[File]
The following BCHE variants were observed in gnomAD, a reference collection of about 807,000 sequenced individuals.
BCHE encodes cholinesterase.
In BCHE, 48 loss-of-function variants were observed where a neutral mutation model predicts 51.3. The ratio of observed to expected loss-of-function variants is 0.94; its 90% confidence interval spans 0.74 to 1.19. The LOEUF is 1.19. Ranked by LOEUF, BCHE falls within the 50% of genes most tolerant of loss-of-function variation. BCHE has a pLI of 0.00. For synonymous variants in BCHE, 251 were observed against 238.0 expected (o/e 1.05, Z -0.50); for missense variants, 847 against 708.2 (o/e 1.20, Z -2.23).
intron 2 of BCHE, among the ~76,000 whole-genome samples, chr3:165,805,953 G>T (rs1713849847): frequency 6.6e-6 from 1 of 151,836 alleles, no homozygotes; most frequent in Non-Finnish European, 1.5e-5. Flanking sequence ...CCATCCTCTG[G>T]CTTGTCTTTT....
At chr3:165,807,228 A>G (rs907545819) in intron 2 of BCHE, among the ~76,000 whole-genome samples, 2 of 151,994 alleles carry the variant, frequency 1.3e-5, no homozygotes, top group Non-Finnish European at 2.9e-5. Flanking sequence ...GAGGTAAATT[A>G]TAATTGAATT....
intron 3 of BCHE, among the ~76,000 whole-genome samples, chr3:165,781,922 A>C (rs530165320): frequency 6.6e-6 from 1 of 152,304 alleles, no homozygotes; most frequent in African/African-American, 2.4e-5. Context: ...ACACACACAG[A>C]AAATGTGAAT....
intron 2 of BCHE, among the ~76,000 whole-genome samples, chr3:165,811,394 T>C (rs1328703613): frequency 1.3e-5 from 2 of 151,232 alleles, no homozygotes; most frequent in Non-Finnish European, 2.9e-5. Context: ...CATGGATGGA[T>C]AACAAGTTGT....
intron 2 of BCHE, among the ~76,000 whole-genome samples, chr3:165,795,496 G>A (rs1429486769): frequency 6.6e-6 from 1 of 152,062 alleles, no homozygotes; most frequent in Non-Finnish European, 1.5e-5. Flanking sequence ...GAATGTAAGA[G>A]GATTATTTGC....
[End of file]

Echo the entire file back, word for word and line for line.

The following BCHE variants were observed in gnomAD, a reference collection of about 807,000 sequenced individuals.
BCHE encodes cholinesterase.
In BCHE, 48 loss-of-function variants were observed where a neutral mutation model predicts 51.3. The ratio of observed to expected loss-of-function variants is 0.94; its 90% confidence interval spans 0.74 to 1.19. The LOEUF is 1.19. Ranked by LOEUF, BCHE falls within the 50% of genes most tolerant of loss-of-function variation. BCHE has a pLI of 0.00. For synonymous variants in BCHE, 251 were observed against 238.0 expected (o/e 1.05, Z -0.50); for missense variants, 847 against 708.2 (o/e 1.20, Z -2.23).
intron 2 of BCHE, among the ~76,000 whole-genome samples, chr3:165,805,953 G>T (rs1713849847): frequency 6.6e-6 from 1 of 151,836 alleles, no homozygotes; most frequent in Non-Finnish European, 1.5e-5. Flanking sequence ...CCATCCTCTG[G>T]CTTGTCTTTT....
At chr3:165,807,228 A>G (rs907545819) in intron 2 of BCHE, among the ~76,000 whole-genome samples, 2 of 151,994 alleles carry the variant, frequency 1.3e-5, no homozygotes, top group Non-Finnish European at 2.9e-5. Flanking sequence ...GAGGTAAATT[A>G]TAATTGAATT....
intron 3 of BCHE, among the ~76,000 whole-genome samples, chr3:165,781,922 A>C (rs530165320): frequency 6.6e-6 from 1 of 152,304 alleles, no homozygotes; most frequent in African/African-American, 2.4e-5. Context: ...ACACACACAG[A>C]AAATGTGAAT....
intron 2 of BCHE, among the ~76,000 whole-genome samples, chr3:165,811,394 T>C (rs1328703613): frequency 1.3e-5 from 2 of 151,232 alleles, no homozygotes; most frequent in Non-Finnish European, 2.9e-5. Context: ...CATGGATGGA[T>C]AACAAGTTGT....
intron 2 of BCHE, among the ~76,000 whole-genome samples, chr3:165,795,496 G>A (rs1429486769): frequency 6.6e-6 from 1 of 152,062 alleles, no homozygotes; most frequent in Non-Finnish European, 1.5e-5. Flanking sequence ...GAATGTAAGA[G>A]GATTATTTGC....